When it’s time to move the tree, make sure someone is holding by the trunk, towards the top, while someone else undoes the tree stand clamps or retention mechanism. Then pull up the bag that we mentioned earlier, up and around the tree, so you can move it out the front door with a minimum of needles dropping everywhere. Remove the bag and keep it for next year, as most recycling trucks will not pick up a tree that is in plastic.

If you miss the collection dates, you can hold onto your tree and put it out with the yard waste in the Spring, in lengths of about four feet.

Now that you’re ready to bring home your tree, armed with all the information you need, we at Toemar want to remind you that with all the hustle and bustle of the holidays, it’s important to take a step back, smell the Christmas tree, and enjoy the moment. Have safe and happy holidays!

 

 

4 Things You Should Know Before Using Your Fireplace

The first step is making sure you have the right wood

While most homes no longer use wood burning fires as their primary heat source, there’s nothing like an old wood stove or fireplace glowing bright and flickering through the cold winter weather. Just the smell of woodsmoke puts one in the frame of mind of hot cider and warm toes.

Whether you’re new to the world of wood fireplaces or an old hand at stacking logs, we’ve got a few good tips about firewood that are worth reviewing.

What Characteristics Of Wood Give The Best Results?

First off, aged wood—at least two years—is best. Even better if it has been cut, split and stacked outside, exposed to the elements of nature.

Like a fine champagne (drank in front of a glowing fireplace of course!), good wood has been rotated in the stack to ensure an even and consistent aging, with decent exposure to sunlight and air flow to help dry it out and lower the moisture level to less than 20%. Less seasoned wood has as much as 50% moisture, which will smoke when lit.

Why is aged wood better?

Aged wood burns hotter and more slowly, giving you a better result in the fireplace and requiring you to add wood less often. The slow burn gives a more consistent temperature and heat, rather than a fast flare up that dies out quickly. There is also little to no smoke with well-aged wood.

There are three characteristics you are looking for beyond aging:

  1. Density of the wood, which gives you more heat per cubic foot volume of wood.
  2. BTU (British Thermal Unit) of the wood, which gives you more heat per piece of wood.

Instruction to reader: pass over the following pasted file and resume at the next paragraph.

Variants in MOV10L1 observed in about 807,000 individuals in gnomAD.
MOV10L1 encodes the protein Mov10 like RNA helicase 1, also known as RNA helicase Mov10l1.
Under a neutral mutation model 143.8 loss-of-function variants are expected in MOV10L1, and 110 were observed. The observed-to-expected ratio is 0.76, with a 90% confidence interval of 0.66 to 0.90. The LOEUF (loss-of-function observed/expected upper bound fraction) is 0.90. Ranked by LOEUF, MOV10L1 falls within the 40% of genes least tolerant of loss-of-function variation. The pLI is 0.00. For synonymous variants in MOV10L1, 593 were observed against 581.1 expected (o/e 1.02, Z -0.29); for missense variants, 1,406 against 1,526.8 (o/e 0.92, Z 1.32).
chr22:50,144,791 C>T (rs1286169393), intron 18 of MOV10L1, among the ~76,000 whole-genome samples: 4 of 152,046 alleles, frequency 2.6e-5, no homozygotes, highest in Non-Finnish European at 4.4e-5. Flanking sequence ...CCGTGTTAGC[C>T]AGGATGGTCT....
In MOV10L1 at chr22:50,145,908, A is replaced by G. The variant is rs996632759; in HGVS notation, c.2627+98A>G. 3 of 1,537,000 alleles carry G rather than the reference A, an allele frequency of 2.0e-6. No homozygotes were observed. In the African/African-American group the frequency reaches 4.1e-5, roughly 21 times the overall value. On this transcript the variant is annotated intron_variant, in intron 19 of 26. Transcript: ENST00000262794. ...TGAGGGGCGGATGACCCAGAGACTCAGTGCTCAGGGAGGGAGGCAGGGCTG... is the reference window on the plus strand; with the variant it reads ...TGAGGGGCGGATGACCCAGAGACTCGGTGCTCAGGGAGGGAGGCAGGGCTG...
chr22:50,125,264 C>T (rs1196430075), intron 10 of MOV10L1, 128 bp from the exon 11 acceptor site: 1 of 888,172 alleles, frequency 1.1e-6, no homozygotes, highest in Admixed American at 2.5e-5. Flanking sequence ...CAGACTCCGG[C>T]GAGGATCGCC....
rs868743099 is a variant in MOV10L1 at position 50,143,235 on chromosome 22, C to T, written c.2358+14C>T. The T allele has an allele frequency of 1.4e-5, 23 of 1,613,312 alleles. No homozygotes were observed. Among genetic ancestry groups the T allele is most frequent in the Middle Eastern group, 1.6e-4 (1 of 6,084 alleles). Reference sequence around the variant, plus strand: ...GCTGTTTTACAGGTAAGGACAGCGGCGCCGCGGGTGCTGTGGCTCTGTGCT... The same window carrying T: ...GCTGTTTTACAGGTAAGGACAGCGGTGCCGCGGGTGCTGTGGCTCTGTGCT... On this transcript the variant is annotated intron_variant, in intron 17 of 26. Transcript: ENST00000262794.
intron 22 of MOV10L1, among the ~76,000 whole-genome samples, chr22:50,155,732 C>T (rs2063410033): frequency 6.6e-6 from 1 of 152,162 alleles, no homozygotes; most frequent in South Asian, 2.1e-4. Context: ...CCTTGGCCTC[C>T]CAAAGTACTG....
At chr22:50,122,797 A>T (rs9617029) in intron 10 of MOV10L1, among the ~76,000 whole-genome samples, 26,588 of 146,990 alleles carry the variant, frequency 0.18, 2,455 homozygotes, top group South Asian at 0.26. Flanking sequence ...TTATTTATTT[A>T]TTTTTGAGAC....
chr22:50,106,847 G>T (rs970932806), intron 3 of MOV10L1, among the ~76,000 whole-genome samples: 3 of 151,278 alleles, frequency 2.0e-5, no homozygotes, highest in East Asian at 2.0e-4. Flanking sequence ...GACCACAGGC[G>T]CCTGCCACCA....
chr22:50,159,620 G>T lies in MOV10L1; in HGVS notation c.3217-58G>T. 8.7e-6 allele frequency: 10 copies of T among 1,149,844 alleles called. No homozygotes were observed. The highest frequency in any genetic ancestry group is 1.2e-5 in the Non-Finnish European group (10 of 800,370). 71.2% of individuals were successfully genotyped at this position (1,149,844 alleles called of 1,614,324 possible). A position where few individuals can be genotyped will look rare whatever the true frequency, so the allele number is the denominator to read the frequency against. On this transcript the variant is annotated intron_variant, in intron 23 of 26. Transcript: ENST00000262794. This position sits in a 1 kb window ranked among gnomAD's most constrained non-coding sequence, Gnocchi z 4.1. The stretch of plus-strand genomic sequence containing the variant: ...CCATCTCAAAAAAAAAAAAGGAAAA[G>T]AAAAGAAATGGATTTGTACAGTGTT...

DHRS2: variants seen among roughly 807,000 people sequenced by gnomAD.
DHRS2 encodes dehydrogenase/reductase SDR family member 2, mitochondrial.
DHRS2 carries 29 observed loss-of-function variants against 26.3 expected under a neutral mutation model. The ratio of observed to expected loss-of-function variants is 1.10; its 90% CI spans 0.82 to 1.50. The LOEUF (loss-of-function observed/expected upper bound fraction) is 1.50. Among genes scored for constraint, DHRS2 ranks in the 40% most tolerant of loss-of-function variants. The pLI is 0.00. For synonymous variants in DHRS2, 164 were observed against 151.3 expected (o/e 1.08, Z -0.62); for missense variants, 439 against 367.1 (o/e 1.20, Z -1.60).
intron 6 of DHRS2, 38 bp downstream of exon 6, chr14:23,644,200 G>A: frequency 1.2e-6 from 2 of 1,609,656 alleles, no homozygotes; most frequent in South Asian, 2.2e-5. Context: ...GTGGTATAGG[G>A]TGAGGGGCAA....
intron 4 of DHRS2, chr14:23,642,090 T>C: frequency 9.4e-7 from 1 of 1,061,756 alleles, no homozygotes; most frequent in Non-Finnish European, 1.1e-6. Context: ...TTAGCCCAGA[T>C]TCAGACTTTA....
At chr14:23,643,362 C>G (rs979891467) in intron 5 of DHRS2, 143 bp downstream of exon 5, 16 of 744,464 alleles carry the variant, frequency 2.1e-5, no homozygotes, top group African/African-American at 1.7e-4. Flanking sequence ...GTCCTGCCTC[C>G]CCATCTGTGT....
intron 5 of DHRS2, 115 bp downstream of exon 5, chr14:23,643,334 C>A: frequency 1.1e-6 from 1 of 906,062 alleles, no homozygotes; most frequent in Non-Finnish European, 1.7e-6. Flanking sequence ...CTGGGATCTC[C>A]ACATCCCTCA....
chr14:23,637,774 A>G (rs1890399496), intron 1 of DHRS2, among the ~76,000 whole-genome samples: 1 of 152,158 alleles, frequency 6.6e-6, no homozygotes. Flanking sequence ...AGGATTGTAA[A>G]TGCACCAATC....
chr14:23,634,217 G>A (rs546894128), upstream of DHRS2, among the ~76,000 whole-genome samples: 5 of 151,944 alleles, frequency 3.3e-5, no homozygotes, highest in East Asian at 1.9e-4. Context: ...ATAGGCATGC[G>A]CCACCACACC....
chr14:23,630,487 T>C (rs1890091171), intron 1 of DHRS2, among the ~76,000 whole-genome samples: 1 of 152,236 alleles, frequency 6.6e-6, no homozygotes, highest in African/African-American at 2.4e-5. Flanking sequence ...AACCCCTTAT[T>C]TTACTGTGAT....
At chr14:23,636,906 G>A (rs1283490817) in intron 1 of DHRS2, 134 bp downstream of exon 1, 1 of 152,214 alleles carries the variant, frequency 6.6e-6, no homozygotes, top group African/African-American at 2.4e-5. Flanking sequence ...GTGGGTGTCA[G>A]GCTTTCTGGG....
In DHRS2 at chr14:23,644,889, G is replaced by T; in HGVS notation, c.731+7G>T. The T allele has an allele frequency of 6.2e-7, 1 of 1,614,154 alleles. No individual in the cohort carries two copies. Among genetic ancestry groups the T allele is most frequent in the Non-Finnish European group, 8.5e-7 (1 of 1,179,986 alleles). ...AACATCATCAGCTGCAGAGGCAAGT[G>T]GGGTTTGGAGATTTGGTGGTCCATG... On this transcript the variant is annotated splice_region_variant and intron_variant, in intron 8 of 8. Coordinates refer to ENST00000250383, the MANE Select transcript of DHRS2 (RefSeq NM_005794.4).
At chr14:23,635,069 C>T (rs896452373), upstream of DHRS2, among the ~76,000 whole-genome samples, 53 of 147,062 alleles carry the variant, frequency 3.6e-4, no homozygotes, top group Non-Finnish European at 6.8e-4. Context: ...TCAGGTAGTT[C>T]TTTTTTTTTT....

3. This refers to the ability of the wood to form coals after the initial burn, extending the fire life.

Overall, a well-aged quality hardwood will have more density, BTUs and coaling ability, giving you a better burn, with consistent and even heat.

Examples?

White birch, which is a hardwood, has a density of 42 lbs per cu. ft. , 20.8 million BTUs / cord and is good at coaling.

In contrast, pine, which is a softwood, has a density of 22 to 31 lbs per cu. Ft., 15 million BTUs / cord and is poor at coaling. In addition, it has a strong smell and can leave an oily residue in your chimney.

Pieces that are cut from 12” to 16” are ideal to fit in most fireplaces so be sure to ask your provider what you are getting before you take delivery.

What Types Of Wood Are Available?

Hardwoods—maple, oak, ash, birch, and fruit trees—burn hotter and longer but are more expensive and harder to split. However, with a longer burn, you’re using less of it so it probably comes down to an even split for the recreational fireplace user.

Softwoods—pine, balsam, spruce, alder, and poplar—these are much easier to split and light, but they burn out quickly and are prone to creating creosote buildup in the chimney, which can cause a chimney fire.

TIP: Avoid FREE firewood sales! Very often, ‘free firewood’ is made up of wood pallets that have been broken down. Pallet wood is a major fire risk. They catch fire very easily and burn at such a high temperature that the fire could easily spread to nearby objects. They break down into wood dust, which can combine and ignite into a fireball! In addition, most wood pallets are treated with harmful chemicals that act as pesticides, such as Methyl Bromide or fungicides: when burned, the toxins are released into the air and can pose a serious health risk.

How Should Wood Be Stored?

When you’re checking out a seller, beware of those who simply pile the wood out of doors. This means that there is little to no airflow for the pieces underneath, resulting in wet, even mouldy wood that won’t burn well. You’re looking for nicely stacked wood that has plenty of airflow and a seasoned appearance.

unstacked-firewood

It should go without saying but it’s best not to store your firewood in the house. Split logs should be stacked with the ends facing prevailing winds, off the ground with only the top covered and bark facing up. This helps to ensure that sunlight and air can still reach the split logs but the bark protects them from rain and snow.